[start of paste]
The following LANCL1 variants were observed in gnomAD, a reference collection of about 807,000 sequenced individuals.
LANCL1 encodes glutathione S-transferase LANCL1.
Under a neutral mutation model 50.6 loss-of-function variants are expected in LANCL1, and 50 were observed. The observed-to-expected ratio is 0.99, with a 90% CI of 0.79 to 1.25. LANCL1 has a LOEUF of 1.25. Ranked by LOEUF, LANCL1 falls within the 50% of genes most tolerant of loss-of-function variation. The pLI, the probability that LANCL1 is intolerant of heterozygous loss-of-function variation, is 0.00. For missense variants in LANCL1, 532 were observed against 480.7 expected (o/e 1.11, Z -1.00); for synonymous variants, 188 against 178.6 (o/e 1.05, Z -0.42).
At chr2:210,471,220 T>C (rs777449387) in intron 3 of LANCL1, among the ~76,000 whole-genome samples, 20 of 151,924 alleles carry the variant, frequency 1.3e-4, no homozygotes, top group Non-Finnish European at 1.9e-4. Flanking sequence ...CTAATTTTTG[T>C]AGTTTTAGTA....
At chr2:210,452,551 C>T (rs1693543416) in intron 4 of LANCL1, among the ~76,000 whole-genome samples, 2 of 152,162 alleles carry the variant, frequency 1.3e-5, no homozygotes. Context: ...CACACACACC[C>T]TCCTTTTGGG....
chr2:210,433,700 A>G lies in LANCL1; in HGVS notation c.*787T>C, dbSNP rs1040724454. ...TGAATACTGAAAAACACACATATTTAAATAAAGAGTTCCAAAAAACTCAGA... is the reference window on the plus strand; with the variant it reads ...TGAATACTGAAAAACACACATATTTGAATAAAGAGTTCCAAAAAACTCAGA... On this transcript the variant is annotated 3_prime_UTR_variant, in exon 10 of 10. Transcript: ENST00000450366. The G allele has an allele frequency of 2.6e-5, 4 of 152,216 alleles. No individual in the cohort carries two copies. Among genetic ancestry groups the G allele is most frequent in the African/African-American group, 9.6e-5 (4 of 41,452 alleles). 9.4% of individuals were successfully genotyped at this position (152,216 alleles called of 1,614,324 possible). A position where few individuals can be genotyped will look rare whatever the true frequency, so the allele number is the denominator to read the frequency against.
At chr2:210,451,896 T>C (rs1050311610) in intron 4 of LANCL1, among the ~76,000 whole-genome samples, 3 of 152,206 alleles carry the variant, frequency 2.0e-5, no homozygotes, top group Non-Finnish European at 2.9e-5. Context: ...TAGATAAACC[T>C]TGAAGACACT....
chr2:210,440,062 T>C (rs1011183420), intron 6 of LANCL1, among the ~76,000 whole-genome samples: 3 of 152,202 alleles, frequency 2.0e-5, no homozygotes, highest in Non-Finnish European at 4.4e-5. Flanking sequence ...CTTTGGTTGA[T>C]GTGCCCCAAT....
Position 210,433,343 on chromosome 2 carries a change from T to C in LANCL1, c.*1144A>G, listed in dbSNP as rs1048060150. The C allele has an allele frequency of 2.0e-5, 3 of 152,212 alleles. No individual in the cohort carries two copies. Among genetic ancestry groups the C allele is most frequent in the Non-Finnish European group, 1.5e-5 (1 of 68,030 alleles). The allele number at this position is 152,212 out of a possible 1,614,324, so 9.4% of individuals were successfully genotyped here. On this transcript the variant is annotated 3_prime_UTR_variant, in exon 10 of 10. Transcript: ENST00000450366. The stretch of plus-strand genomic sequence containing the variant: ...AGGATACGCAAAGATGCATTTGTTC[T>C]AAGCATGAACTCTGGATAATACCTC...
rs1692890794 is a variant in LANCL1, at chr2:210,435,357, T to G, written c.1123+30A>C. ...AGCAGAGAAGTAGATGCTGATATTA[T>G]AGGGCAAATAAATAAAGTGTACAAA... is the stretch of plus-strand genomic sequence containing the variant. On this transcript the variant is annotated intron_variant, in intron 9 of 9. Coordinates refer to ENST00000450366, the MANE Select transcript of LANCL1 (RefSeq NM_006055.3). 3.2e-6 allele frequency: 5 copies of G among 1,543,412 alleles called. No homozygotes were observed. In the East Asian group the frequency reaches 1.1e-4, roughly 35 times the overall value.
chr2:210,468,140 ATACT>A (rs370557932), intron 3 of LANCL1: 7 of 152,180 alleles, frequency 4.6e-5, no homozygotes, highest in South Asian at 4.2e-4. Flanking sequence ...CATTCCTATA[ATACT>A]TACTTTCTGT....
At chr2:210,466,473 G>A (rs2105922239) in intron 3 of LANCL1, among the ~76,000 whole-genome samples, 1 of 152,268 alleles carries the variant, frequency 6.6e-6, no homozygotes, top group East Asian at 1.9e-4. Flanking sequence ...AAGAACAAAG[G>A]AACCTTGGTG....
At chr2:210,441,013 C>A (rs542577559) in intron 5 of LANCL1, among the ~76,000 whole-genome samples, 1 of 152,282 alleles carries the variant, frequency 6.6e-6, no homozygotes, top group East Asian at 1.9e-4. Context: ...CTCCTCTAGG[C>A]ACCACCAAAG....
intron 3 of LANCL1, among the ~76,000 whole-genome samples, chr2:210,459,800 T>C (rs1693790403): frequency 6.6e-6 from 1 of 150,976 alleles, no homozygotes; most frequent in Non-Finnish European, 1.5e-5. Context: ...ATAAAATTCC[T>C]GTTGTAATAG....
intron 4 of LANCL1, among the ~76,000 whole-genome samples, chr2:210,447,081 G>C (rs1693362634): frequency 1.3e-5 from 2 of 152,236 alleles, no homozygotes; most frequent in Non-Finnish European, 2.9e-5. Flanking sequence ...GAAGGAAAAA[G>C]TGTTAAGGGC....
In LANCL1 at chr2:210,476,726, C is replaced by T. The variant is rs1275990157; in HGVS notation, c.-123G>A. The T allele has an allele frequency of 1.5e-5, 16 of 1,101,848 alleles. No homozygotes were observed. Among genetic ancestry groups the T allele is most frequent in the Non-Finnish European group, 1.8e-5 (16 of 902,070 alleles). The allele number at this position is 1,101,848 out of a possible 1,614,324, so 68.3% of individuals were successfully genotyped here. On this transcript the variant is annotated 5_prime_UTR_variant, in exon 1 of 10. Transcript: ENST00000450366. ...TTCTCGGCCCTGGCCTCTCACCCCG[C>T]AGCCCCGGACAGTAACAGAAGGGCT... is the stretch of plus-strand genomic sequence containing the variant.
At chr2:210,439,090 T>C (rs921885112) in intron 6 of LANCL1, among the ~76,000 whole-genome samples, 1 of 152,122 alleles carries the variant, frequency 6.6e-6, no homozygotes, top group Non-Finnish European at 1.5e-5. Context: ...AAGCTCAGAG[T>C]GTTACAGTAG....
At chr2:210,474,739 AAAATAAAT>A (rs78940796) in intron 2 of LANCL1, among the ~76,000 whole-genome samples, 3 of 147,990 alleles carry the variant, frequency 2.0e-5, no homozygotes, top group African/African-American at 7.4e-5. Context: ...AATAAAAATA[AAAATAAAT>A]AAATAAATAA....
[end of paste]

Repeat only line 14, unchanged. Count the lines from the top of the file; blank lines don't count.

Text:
intron 3 of LANCL1, among the ~76,000 whole-genome samples, chr2:210,459,800 T>C (rs1693790403): frequency 6.6e-6 from 1 of 150,976 alleles, no homozygotes; most frequent in Non-Finnish European, 1.5e-5. Context: ...ATAAAATTCC[T>C]GTTGTAATAG....